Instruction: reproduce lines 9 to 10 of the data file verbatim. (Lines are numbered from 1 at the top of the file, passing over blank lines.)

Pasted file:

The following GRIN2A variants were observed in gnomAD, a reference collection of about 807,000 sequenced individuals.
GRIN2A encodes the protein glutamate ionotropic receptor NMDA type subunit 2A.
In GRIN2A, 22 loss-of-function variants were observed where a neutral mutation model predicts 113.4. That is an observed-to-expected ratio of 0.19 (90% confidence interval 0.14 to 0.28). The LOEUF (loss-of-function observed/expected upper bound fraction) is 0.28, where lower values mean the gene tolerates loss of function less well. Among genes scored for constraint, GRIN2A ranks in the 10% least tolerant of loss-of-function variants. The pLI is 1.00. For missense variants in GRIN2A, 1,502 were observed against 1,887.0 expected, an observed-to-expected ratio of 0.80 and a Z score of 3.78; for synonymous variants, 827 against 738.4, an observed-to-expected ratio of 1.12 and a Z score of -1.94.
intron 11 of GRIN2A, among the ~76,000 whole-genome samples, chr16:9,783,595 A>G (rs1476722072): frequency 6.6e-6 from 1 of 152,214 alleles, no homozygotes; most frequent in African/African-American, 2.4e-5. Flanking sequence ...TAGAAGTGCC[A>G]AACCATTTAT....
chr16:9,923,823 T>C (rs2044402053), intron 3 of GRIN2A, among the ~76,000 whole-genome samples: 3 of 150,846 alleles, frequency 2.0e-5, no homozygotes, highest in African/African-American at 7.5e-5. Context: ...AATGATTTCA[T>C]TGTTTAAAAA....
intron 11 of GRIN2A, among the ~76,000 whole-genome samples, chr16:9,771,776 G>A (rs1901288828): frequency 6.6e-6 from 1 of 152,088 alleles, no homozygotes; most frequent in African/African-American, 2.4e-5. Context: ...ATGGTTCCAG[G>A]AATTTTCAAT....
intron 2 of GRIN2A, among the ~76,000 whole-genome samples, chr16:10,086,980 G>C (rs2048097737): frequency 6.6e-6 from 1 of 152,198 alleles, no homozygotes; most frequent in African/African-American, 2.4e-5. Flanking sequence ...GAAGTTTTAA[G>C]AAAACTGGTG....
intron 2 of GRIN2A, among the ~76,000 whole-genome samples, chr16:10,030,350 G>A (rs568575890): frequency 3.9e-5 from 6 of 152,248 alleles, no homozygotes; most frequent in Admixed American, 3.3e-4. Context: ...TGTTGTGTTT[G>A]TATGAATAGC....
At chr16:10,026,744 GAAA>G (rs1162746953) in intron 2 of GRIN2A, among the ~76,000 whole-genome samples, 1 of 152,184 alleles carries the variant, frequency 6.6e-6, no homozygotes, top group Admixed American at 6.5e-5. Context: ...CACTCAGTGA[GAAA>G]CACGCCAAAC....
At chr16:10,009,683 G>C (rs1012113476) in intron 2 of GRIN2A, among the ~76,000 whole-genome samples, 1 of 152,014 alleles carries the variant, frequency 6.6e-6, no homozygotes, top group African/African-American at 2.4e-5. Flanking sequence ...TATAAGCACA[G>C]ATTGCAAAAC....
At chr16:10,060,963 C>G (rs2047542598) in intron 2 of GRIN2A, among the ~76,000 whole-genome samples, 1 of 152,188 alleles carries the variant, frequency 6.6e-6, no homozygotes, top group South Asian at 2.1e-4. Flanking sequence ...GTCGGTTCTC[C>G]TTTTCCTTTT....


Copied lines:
At chr16:10,026,744 GAAA>G (rs1162746953) in intron 2 of GRIN2A, among the ~76,000 whole-genome samples, 1 of 152,184 alleles carries the variant, frequency 6.6e-6, no homozygotes, top group Admixed American at 6.5e-5. Context: ...CACTCAGTGA[GAAA>G]CACGCCAAAC....
At chr16:10,009,683 G>C (rs1012113476) in intron 2 of GRIN2A, among the ~76,000 whole-genome samples, 1 of 152,014 alleles carries the variant, frequency 6.6e-6, no homozygotes, top group African/African-American at 2.4e-5. Flanking sequence ...TATAAGCACA[G>C]ATTGCAAAAC....